This concept is very simple; if you know one part of an object is perfectly in focus when the focus distance is set to 1mm, that means it is positioned exactly 1mm from the lens. If a different part is perfectly in focus when the focus distance is 2mm, then it must be positioned 2mm from the lens. Simple!
It may be a simple idea, but this method gives a high quality 3D reconstruction of the object.
The reconstructed 3D shape of the resistor, using 60 images focused 0.01mm apart, mapped to a depth map image. The lighter bits stick out more from the surface, and the darker bits stick out less.
Using the depth map to reconstruct the resistor reconstructed in full colour in 3D! Pretty cool for something less than 1 mm long...
Does that seem impressive? Then check out the videos:
A video of the original focus series of images captured of the resistor.
The reconstructed 3D shape.
A 3D view of the resistor, fully textured.
This approach is, roughly speaking, how most 3D light microscopy is done in biological and medical research. It is very common practice to capture a focal series like this (often called a "z stack") to get this 3D information from the sample. 3D imaging is most useful in very thick samples where you want to be able to analyse the structure in all three dimensions, an example might be analysing the structure of a tumour. My research on Leishmania parasites inside white blood cells uses this approach a lot too. The scanning confocal fluorescence microscope was actually designed to maximise the value of this 3D effect by not only blurring out of focus parts of the image, but also eliminating the light all together by blocking it from reaching the camera.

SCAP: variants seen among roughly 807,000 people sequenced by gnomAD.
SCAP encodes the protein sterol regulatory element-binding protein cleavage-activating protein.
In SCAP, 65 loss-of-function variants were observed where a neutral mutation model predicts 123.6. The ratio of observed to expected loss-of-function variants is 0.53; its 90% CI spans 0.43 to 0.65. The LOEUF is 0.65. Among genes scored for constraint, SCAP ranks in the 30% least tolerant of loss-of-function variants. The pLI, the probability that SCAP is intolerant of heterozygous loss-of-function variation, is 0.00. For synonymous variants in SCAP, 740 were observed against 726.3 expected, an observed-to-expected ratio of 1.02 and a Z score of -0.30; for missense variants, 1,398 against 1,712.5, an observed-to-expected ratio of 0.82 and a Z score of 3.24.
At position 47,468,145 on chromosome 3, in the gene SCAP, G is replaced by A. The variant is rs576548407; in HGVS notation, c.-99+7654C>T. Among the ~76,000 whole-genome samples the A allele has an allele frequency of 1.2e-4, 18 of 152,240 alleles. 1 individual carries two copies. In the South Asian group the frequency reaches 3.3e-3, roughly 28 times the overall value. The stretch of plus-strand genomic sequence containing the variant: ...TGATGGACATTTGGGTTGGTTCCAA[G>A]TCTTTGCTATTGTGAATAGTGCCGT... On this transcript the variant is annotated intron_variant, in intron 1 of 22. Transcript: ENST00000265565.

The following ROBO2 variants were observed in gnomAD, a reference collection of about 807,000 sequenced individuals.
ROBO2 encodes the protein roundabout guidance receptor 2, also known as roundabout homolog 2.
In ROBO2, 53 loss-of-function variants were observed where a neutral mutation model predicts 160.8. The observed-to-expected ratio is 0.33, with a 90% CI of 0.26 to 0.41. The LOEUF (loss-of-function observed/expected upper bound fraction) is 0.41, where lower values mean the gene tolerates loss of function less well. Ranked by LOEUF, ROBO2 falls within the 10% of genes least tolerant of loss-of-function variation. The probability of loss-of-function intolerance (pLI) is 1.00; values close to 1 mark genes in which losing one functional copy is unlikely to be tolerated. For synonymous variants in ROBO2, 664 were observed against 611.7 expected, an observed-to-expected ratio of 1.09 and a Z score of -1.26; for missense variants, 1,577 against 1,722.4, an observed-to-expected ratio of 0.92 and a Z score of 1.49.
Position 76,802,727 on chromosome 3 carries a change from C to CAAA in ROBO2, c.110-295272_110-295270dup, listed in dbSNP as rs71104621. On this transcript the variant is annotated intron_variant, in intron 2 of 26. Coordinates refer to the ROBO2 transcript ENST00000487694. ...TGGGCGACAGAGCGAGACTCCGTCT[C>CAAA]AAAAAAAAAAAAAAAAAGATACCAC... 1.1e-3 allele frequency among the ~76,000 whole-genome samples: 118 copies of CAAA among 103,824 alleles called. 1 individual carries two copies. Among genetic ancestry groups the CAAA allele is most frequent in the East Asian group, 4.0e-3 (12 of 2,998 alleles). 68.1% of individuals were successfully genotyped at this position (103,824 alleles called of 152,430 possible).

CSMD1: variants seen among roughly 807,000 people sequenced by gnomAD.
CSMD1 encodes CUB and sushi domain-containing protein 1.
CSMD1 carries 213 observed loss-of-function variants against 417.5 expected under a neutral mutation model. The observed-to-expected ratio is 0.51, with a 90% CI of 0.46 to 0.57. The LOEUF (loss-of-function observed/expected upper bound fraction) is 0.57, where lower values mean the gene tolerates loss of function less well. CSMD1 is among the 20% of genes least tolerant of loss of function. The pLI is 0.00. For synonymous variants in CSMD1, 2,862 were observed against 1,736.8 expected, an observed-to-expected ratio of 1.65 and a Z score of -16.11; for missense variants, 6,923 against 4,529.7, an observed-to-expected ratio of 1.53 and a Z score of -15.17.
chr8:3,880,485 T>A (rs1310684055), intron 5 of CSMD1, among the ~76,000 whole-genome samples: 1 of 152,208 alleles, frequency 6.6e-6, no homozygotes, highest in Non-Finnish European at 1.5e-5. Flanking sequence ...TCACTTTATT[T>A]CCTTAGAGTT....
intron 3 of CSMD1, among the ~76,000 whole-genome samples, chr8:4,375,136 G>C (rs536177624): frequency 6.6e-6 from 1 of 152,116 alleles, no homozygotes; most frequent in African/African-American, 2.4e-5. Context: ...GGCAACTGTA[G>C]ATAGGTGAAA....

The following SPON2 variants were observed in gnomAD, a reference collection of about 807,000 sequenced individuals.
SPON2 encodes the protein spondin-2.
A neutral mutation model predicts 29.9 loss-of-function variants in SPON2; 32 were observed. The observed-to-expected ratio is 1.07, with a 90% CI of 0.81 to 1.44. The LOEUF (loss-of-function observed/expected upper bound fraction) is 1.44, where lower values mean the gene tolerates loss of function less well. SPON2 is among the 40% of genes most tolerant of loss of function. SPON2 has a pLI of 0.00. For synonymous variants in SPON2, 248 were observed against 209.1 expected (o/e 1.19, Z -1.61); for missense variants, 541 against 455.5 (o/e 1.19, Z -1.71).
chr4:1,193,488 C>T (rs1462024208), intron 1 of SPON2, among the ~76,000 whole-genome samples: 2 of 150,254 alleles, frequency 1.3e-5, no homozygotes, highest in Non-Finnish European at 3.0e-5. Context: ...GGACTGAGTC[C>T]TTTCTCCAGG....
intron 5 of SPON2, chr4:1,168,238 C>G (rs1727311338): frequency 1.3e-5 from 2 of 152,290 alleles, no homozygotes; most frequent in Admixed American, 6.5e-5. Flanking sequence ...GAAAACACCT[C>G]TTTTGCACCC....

It has been over a year since I released my last font. This new one, Marista, has actually been sat on my hard disk for over 9 months so it is about time it saw the light of day! You can take a look at the interactive previews here: http://www.myfonts.com/fonts/zephyris/marista/
Marista is a bit of an unusual design. It is a monospaced font meaning every symbol is equal in width (like found on a typewriter; Courier is the classic example) but unlike most monospaced fonts it is designed to be a stylistic cursive script, within the constraints of the even letter width. It is actually based on a real and popular typewriter font used in the 1960s-70s, and I designed it to try and capture some of the light irregularities which characterise real typewritten fonts rather than their computer equivalents. The name itself is a derived from Maritsa, the name of the major Bulgarian typewriter company; it was a Maritsa typewriter sample which first introduced me to this text style.
It is a very distinctive, yet readable, font and I designed it with the intention to be used in a block of text. Both normal and italic variants are available, though the original typewriter fonts are more similar to the italic. At very large scales the subtle irregularities which make it look authentically typewritten can look awkward, but in a block of text this slight irregularity really captures the typewritten feeling. Try writing your next letter or invitation in it!
For the last four years there has been a cell biology workshop in West Africa, organised by Dick McIntosh, an intense two week course aiming to help young African scientists around the master's degree stage of their careers. This course ran again this year, and was the first organised by Kirk Deitsch (malaria expert and a regular from the previous courses) and I was fortunate enough to be invited to teach the trypanosome half of the course. For its fifth incarnation the course returned to a location where it has previously been held, the Department of Biochemistry, Cell and Molecular Biology in the University of Ghana, and was organised with Gordon Awandare.